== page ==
The first attempt at unifying these groups in 1918 brought with it many different ideas from the Serbs, Croats, and Slovenes. The Croats, bad experiences with limited autonomy under imperial rule led them to desire a confederate state of Yugoslavia. The Serbs viewed this a chance to reinstate what they believed to be the legitimate heir of Czar Dusan’s empire from medieval times (Remington 366). A confederation of sorts was born, but in 1929 King Alexander Karadjordjevic disbanded parliament and established a Serbian dictatorship (Remington 366). King Alexander viewed this as a necessity due to the fact the three-tiered parliament of Serbs, Croats, and Slovenes could not come to agreement. The Croatian took this dissolution as an imposition of rule by the Serbs and assassinated King Alexander in 1934. Never the less the monarchy continued to rule for seven more years.
Hitler invaded the Yugoslav State in 1941 and drove out the monarchy setting up a token Kingdom of Croatia, run by Croatian Fascists. This leadership did not last long as Josip Broz Tito, with the help of the Soviet Union, drove the Nazis out of the region in 1945 (Walt 134). At the end of WWII the lands of Slovenia, Croatia, Bosnia, Serbia, Montenegro, and Macedonia were united under one Yugoslavia and ruled by Tito.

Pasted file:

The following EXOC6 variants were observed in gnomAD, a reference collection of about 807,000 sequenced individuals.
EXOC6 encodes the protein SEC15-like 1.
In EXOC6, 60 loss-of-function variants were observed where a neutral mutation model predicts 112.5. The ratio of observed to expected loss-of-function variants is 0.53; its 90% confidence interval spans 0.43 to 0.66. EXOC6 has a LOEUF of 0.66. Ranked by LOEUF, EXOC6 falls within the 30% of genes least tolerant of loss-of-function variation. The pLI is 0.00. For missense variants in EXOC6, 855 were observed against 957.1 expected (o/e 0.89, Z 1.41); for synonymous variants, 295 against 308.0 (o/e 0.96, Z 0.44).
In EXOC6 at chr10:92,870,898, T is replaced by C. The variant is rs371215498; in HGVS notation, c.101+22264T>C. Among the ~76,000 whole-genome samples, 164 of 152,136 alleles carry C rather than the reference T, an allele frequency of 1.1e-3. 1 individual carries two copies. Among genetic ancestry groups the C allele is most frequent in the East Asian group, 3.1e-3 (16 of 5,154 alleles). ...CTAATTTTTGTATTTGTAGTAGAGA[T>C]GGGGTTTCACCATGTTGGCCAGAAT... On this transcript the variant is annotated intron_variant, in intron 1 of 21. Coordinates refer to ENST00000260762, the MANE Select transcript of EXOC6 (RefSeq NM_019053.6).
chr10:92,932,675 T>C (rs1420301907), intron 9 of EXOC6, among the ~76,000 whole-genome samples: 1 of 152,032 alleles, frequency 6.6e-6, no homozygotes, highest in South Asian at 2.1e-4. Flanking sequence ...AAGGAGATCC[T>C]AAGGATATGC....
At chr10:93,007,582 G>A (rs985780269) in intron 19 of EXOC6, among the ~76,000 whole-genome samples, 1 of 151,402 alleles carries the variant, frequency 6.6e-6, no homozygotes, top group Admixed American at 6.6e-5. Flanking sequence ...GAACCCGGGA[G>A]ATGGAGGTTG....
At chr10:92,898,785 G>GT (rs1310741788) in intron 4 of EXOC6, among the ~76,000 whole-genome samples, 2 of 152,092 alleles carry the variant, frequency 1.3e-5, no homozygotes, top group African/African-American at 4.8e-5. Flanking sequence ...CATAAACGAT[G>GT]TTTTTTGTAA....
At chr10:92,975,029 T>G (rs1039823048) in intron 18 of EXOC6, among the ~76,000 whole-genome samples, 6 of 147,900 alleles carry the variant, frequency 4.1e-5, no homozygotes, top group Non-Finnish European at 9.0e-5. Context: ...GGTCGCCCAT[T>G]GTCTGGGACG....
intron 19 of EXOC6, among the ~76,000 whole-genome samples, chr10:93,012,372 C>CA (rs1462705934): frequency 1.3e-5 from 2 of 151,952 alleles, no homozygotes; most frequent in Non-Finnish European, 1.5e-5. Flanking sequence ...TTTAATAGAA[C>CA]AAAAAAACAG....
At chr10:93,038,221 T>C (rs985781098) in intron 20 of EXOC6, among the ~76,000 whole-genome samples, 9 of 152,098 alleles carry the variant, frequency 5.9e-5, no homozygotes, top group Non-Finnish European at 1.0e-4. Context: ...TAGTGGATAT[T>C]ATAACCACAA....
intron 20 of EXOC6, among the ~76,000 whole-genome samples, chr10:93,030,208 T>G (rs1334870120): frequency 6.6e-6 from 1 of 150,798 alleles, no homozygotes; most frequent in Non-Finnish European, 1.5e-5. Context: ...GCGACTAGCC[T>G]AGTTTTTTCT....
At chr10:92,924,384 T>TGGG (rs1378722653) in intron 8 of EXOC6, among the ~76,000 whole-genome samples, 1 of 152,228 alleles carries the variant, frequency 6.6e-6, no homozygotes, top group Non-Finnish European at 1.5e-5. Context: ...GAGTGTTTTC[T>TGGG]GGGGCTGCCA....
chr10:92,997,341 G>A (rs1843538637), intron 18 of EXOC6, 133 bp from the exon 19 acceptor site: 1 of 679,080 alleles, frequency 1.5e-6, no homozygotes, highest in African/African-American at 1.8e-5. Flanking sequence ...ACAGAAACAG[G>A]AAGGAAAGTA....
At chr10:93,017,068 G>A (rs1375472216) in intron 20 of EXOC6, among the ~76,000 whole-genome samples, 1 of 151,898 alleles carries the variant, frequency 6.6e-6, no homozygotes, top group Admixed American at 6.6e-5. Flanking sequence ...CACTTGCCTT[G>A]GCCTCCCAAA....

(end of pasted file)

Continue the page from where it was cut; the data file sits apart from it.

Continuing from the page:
The name Yugoslavia itself means Land of the Southern Slavs (Lawday 34). This unification was thought to be one that would bring a never-ending peace, what was not taken into account was the fact that the single unifying factor of these people was they were all Slavs only in origin. They did not have any religious, historical, or language commonalties.